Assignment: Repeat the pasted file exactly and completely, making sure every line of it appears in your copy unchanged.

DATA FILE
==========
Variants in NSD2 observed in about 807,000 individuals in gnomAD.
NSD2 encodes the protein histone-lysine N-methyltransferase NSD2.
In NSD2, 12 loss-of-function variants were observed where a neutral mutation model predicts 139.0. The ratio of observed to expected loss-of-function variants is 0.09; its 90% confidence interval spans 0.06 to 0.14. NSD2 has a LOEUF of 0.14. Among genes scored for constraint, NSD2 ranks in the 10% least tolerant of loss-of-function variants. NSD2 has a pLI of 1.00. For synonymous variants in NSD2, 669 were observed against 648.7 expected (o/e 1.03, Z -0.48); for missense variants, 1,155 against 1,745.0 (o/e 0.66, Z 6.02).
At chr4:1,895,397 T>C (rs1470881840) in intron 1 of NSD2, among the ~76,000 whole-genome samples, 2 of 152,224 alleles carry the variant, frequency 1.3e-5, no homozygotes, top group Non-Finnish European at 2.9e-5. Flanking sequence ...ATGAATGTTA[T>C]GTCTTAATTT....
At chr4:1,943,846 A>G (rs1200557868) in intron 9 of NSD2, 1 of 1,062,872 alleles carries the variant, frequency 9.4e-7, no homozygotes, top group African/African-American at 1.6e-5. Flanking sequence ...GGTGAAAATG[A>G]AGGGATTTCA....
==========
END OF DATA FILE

Variants in NSD2 observed in about 807,000 individuals in gnomAD.
NSD2 encodes the protein histone-lysine N-methyltransferase NSD2.
In NSD2, 12 loss-of-function variants were observed where a neutral mutation model predicts 139.0. The ratio of observed to expected loss-of-function variants is 0.09; its 90% confidence interval spans 0.06 to 0.14. NSD2 has a LOEUF of 0.14. Among genes scored for constraint, NSD2 ranks in the 10% least tolerant of loss-of-function variants. NSD2 has a pLI of 1.00. For synonymous variants in NSD2, 669 were observed against 648.7 expected (o/e 1.03, Z -0.48); for missense variants, 1,155 against 1,745.0 (o/e 0.66, Z 6.02).
At chr4:1,895,397 T>C (rs1470881840) in intron 1 of NSD2, among the ~76,000 whole-genome samples, 2 of 152,224 alleles carry the variant, frequency 1.3e-5, no homozygotes, top group Non-Finnish European at 2.9e-5. Flanking sequence ...ATGAATGTTA[T>C]GTCTTAATTT....
At chr4:1,943,846 A>G (rs1200557868) in intron 9 of NSD2, 1 of 1,062,872 alleles carries the variant, frequency 9.4e-7, no homozygotes, top group African/African-American at 1.6e-5. Flanking sequence ...GGTGAAAATG[A>G]AGGGATTTCA....